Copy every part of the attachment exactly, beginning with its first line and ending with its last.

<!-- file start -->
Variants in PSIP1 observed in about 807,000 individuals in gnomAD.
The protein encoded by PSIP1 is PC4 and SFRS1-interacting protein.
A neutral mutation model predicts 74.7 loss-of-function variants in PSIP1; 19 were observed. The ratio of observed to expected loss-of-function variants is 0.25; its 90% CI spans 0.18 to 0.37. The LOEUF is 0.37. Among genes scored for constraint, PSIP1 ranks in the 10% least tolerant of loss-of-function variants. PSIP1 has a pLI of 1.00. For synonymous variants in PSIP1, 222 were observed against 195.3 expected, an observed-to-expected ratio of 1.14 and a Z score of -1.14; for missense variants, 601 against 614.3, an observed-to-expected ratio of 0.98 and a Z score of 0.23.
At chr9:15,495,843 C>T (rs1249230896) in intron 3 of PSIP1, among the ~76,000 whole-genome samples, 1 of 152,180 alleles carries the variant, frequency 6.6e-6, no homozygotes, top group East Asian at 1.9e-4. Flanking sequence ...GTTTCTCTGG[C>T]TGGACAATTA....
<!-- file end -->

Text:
Variants in PSIP1 observed in about 807,000 individuals in gnomAD.
The protein encoded by PSIP1 is PC4 and SFRS1-interacting protein.
A neutral mutation model predicts 74.7 loss-of-function variants in PSIP1; 19 were observed. The ratio of observed to expected loss-of-function variants is 0.25; its 90% CI spans 0.18 to 0.37. The LOEUF is 0.37. Among genes scored for constraint, PSIP1 ranks in the 10% least tolerant of loss-of-function variants. PSIP1 has a pLI of 1.00. For synonymous variants in PSIP1, 222 were observed against 195.3 expected, an observed-to-expected ratio of 1.14 and a Z score of -1.14; for missense variants, 601 against 614.3, an observed-to-expected ratio of 0.98 and a Z score of 0.23.
At chr9:15,495,843 C>T (rs1249230896) in intron 3 of PSIP1, among the ~76,000 whole-genome samples, 1 of 152,180 alleles carries the variant, frequency 6.6e-6, no homozygotes, top group East Asian at 1.9e-4. Flanking sequence ...GTTTCTCTGG[C>T]TGGACAATTA....